Yes! My pet peeve with public APIs are DTOs that are like this!

"This is an array of strings, but it could be an object. If it's an object it will have this key and based on the name of the key it's this type. But it could also have or not have this other key and..."

ARghhhh! You can tell what kinda language the back-end was written in with that crap because while TypeScript can actually type most of that stuff it's a huge mess in something like C#, Golang, Java, etc.


Actually, you can "type" that call. But I always found the "giant ball if config" style painful. For example, I believe it was done data table library that took over a page of config options to get set up.

The problem is, you'd have to have the documentation open to make the slightest tweak to anything. No help from the type system.


"That's just like, your opinion, man." So sick of opinion in this industry. We should not accept such lazy arguments anymore. If you want to make an assertion, back it up. I will make my argument for why types are a good thing below:

I don't agree with you. I don't think that loose typing is based on opinion, and I do not think it is because people who start out in statically typed languages are unable to "grasp" loose typing. I think we are seeing a people abandon loose typing because the industry has observed that loose typing is harmful to even small, a few thousand lines, projects.

Static typing catches bugs. It makes your code easier to maintain. It makes your code safer to refactor. It checks your code to ensure correctness. It provides documentation about variables. It reduces the amount of code you have to read in order to understand a specific piece of code. These are empirically good things that you do not get in loosely typed languages.

An untyped value does not carry any information or explicit assertions about the variable. Take a URL for example: A "string" URL does not carry any information about weather or not the url string is a valid URL.

In an untyped environment, only by understanding ALL upstream code are we able to make assumptions about downstream code. We know that the "string URL" is a sequence of characters, and nothing more.

However, if we have a type, we can have a "URL" type. Since we have a type, we do not need to concern ourselves with all upstream code, only the code associated with the "URL" type. So, instead of potentially thousands of places to seek information about our "URL" variable, we have only one: The "URL" type. We look at the implementation of that type, and we know weather or not the URL has been validated.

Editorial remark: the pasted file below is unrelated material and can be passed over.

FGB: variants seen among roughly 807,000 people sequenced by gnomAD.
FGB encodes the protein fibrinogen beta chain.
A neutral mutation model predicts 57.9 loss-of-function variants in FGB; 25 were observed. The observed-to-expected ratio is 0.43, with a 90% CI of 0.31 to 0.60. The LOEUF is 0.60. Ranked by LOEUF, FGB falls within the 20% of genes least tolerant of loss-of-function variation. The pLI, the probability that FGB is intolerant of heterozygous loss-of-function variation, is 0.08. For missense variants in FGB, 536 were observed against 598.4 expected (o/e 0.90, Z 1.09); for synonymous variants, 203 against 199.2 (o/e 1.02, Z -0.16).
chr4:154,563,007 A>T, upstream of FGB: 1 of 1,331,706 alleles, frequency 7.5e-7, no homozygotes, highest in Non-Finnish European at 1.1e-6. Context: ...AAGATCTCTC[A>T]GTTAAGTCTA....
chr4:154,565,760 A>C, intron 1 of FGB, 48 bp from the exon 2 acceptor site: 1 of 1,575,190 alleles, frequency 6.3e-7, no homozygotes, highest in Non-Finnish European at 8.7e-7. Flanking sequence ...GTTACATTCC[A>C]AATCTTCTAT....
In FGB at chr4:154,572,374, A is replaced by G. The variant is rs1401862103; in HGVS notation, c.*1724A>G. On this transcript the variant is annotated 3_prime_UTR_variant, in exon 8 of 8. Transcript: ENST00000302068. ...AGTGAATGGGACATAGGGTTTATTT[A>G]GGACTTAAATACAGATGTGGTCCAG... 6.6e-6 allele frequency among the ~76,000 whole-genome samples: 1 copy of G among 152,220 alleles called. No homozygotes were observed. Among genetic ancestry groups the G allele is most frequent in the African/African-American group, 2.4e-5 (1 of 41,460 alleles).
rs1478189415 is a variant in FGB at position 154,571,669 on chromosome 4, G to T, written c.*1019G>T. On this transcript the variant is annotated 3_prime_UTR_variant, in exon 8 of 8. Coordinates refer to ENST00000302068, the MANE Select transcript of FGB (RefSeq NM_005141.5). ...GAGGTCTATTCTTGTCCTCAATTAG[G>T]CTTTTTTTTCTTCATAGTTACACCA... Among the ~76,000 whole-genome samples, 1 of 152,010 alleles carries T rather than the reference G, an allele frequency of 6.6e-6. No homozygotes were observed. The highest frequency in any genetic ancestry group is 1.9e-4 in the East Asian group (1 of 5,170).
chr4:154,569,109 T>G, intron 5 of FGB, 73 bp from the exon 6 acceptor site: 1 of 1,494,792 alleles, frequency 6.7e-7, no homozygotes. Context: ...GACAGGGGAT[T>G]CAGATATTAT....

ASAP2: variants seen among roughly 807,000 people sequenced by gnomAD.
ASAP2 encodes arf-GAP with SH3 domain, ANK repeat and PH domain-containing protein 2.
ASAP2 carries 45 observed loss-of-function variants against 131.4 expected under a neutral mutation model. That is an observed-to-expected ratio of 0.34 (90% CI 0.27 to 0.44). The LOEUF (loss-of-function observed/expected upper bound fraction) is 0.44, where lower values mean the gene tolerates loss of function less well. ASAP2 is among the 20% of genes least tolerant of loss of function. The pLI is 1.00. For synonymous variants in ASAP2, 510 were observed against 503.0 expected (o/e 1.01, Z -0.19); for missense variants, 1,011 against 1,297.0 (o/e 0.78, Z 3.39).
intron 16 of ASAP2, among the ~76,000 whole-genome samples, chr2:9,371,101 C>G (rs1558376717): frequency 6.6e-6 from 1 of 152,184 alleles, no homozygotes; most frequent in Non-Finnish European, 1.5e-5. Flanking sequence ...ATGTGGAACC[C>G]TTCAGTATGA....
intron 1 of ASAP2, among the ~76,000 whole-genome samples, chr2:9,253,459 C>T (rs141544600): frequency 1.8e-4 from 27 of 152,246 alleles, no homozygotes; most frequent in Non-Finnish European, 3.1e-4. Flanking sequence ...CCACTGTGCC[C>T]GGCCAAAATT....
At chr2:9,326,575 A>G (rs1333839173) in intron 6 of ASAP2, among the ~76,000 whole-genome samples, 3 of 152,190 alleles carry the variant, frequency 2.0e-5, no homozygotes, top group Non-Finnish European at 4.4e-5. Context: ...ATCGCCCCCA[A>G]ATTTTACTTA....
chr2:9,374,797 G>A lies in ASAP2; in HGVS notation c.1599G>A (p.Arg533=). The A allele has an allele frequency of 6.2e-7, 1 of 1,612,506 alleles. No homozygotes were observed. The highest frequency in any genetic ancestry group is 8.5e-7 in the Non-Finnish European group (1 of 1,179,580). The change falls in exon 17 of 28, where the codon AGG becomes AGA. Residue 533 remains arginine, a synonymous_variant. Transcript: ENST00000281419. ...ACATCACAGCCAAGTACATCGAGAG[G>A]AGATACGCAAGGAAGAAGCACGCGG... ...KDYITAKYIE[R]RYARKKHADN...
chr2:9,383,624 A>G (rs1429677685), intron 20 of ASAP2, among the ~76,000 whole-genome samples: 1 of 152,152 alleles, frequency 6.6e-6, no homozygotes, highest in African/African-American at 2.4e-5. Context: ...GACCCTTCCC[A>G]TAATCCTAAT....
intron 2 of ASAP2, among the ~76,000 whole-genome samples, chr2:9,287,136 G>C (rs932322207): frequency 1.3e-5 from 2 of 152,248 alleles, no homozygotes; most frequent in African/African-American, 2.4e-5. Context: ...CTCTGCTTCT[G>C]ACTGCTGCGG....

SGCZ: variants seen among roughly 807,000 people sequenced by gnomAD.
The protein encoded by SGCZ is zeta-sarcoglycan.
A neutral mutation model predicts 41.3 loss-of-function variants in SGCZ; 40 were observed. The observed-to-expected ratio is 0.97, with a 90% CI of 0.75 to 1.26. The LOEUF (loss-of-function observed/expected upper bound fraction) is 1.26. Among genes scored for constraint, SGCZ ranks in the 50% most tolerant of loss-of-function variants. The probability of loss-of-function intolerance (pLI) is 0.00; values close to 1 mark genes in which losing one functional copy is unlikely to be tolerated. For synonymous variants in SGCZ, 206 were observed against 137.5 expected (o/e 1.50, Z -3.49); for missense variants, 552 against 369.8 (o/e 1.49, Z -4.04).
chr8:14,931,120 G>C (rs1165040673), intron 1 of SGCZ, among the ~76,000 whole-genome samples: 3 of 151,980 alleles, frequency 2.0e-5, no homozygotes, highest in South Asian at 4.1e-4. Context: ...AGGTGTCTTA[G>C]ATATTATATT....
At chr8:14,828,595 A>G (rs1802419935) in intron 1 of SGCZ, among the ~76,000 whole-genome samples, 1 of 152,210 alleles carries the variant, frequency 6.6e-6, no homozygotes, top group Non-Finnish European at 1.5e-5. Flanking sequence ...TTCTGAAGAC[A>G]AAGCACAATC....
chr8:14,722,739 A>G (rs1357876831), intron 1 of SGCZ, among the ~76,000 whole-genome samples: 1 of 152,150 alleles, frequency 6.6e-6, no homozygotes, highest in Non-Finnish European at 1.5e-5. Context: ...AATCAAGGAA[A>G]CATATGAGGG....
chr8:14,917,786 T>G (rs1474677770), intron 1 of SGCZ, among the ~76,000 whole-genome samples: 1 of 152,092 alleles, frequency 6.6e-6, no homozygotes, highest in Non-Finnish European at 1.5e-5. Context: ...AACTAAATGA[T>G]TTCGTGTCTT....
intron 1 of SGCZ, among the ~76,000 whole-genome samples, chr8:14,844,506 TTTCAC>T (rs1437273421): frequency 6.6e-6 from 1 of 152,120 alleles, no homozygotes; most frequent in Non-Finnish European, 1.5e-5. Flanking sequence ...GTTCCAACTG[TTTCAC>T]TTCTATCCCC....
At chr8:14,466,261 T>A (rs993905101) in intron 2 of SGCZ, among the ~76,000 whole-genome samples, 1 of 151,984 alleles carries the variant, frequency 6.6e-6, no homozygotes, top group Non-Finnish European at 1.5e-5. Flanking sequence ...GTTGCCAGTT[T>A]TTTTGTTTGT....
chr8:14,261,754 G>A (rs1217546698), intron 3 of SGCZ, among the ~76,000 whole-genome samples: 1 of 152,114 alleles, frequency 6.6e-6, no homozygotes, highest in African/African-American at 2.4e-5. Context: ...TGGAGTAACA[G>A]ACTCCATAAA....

Types dramatically reduce the amount of code you have to read in order to understand a given piece of your application. This makes your application more secure, more readable, and easier to maintain.


> "That's just like, your opinion, man." So sick of opinion in this industry. We should not accept such lazy arguments anymore.

Oh, wow, given this unnecessarily combative start, am I about to finally read conclusive proof that will stop that over sixty years old flamewar?

> I think we are seeing a people abandon loose typing because the industry has observed that loose typing is harmful to even small, a few thousand lines, projects.

People are not abandoning or adopting anything, both static and dynamic typing have existed for as long as computers have been a thing. Hell, LISP is older than pretty much every statically typed language still widely used, methinks.

> Static typing catches bugs. It makes your code easier to maintain. It makes your code safer to refactor. It checks your code to ensure correctness. It provides documentation about variables. It reduces the amount of code you have to read in order to understand a specific piece of code. These are empirically good things that you do not get in loosely typed languages.